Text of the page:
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ALBUM REVIEW: Wizkid – Sounds From The Other Side

Posted by Jim Donnett on August 2, 2017 in Album reviews · 1 Comments


Wizkid SFTOS

Album – Sounds from the Other Side
Artist – Wizkid
Record Label – Sony/RCA Records/Starboy Worldwide
Duration – 40 minutes

For a lot of Nigerians, Wizkid is the one with the requisite talent and skill to lead the charge for globalizing the African sound. I cannot think of a better representative than a boy who went from being E.M.E’s gem to becoming the boy wonder of African music.

With his previous projects (Superstar and Ayo), he had shown how much of a special talent he is, as he followed a fine pattern of career progression, using one project at a time to conquer the Nigerian and African music sphere. It was his sophomore album (Ayo) that he began his expedition to the field of global music, by featuring international superstars like Drake and Tyga. He has now worked with several other international superstars including Chris Brown and R.Kelly. His second collaboration with Drake got a Grammy Nomination; it won several Billboard Music Awards, while ‘Weezy’ stretched his hands to collect the biggest awards in Africa. His push to globalize the African sound has so far been aided by the deals he signed with Sony Music and RCA Records, to get his music distributed far and wide outside the continent.

So, with Sounds From The Other Side, he probably aimed at serving music lovers, especially those outside of Africa, with refined African sound. Songs like Daddy Yo, Come Closer, African Bad Gyal, had set the mood for the mixtape release, leading to an increased interest in African music from outside Africa. But because these pre-album singles are majorly infused by Caribbean sound, some Africans felt betrayed. However, for Wizkid the mission had to go on but would he revisit the original African sound or just continue to blend it with foreign elements to increase its appeal? I guess we’d find out at the end of this review.

On the tape’s opener, Sweet Love, the Afrobeat sound is unmistakable. The fine manner with which Wizkid sampled Fela’s Shakara song, adds to the brilliance of placing the song first on the mixtape. Wizkid’s repetitive yearn on the song, for the purest form of love, reflects just how a typical African man invites a beautiful lady to show him some love. It is this same love-inviting vibe on Come Closer and Naughty Ride, even though the type of sound is different. It was on songs like these that the earlier talked about Caribbean influences, manifested.

Also Read, ALBUM REVIEW: Flavour – Ijele (The Traveler)

On Naughty Ride, Wiz said, “can I get my keys, oh shawty?/You say you no go leave, o Sade” and it reminds me of his invitational tweet to an unknown Sade, after his very controversial “Baby girl… I only came to f*ck” tweet. This got me wondering if there is a Sade somewhere causing Wizkid to write these songs. He showed that his friendship with TY Dolla $ign isn’t just about showing brotherly love on Twitter, but that they share a music synergy and it was this synergy that created One For Me and Dirty Wine.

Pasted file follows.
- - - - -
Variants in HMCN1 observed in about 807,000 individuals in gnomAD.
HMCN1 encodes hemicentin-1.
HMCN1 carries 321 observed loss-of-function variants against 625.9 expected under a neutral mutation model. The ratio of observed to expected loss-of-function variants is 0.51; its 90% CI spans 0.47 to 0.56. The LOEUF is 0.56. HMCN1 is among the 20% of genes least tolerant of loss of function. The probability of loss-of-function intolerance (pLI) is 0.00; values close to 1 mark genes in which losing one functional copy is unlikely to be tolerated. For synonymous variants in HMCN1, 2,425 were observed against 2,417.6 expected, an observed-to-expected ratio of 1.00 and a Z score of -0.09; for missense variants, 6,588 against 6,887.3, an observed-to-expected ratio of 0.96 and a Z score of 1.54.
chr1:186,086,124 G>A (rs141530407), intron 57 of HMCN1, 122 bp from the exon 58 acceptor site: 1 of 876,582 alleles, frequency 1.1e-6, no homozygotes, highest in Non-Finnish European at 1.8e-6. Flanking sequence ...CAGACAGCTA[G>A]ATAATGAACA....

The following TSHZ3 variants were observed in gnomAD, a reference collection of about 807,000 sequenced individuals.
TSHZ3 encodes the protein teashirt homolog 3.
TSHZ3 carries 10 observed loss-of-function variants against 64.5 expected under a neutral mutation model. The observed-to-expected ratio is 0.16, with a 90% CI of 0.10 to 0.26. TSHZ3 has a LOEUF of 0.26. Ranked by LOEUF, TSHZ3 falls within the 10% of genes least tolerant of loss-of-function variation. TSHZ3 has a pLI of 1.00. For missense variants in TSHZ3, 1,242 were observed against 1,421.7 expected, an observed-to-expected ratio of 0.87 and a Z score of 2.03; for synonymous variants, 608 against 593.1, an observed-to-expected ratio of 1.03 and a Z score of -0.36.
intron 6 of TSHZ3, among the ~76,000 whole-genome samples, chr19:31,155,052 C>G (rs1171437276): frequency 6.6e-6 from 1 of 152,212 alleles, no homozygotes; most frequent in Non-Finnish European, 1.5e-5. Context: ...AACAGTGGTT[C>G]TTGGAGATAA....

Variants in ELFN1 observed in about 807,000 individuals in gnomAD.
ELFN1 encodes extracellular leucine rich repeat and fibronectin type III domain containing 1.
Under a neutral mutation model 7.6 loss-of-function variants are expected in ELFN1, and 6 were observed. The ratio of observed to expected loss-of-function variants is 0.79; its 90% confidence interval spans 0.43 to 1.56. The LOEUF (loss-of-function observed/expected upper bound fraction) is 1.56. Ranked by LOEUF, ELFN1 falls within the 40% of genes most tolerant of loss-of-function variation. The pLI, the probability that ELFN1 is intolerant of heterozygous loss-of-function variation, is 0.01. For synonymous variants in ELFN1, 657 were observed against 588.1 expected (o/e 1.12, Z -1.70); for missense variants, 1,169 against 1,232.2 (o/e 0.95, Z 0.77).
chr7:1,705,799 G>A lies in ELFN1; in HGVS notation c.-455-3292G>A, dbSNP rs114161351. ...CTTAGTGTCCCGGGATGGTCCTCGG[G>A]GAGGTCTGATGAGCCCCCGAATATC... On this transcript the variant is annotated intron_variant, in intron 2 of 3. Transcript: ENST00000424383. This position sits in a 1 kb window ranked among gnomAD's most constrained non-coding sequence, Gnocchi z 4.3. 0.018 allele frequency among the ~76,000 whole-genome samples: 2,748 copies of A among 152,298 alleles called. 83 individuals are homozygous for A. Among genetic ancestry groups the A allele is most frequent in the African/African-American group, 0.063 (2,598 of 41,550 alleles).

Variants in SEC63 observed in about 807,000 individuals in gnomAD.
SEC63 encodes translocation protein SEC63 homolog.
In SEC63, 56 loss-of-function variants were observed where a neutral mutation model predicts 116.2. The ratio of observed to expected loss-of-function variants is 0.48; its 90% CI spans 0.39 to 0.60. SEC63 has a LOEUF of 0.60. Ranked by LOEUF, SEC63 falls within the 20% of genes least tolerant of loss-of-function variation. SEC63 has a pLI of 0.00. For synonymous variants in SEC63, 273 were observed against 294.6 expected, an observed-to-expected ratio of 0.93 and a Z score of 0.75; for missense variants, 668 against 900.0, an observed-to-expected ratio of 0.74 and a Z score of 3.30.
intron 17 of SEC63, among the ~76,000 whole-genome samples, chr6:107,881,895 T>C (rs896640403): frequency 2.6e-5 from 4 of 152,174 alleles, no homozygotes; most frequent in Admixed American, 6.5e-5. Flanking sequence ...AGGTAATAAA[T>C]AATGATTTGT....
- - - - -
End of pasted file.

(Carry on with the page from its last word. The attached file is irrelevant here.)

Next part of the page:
Of the songs on the mixtape, one of the closest to perfection is Picture Perfect. Its quality is not only about the sound, but also in the vibe and the tone. If you thought Wizkid was only about foreign sounds on this project, then you must have skipped African Bad Gyal, on which he featured Chris Brown to create the quality ‘galala’ and ‘konto’ dance material. On Sexy, Wizkid collaborated with Efya to inject more of the Afrobeat flavor to the mixtape. Too many times on the project, he talked about love and his dealings with women, but for me, it is on Sexy that his message is most believable. Or is Wizkid looking to settle down now? Because on Sexy, he said “I need baby wey go bless e me o, sexy/Wey go love me nor go stress e me o,” then he went on to say “I need one wey be my destiny o”. This could just be Wizkid, openly wishing for true and undying love.

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For more depth in African art, he linked up with Bucie from Southern Africa to record All For Love, and it sounds a lot like the musical exports from South Africa. Interestingly, a lot of other Africans joined in this project, to offer the best of African sounds to the world, although they featured not as performers of the art but as producers of the sound. People like Sarz, Spellz, DJ Maphorisa, Del B made major contributions to the course.

So, did Wizkid offer the original sound from this side to the world on this mixtape? Well, I think he tried to, but only managed to settle for a blend of music that would serve both the African and Caribbean music loving audience. His lyric in Ride Naughty Ride is proof that his target audience comprises of African fans and fans from outside Africa. On the song, you can hear him say, “African girl shake it/Caribbean girl shake it,” since he was only concerned with ladies and their sexiness on this mixtape. I would have appreciated more diversity and a look to other topics on the mixtape, to show people that are new to African sounds that our music is a complete body of music that touches all of life’s topics, but instead he chose to make a mixtape with nearly homogenous content.

However, ‘sounds from the other side’ is still a well compiled mix that shows Wizkid is ready and able to go the full length of the international journey and for African music generally, it holds immense promise.

Rating – 7/10

Reviwed by Ibironke Oluwatobi
@ibironketweets



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  1. the review is excellent


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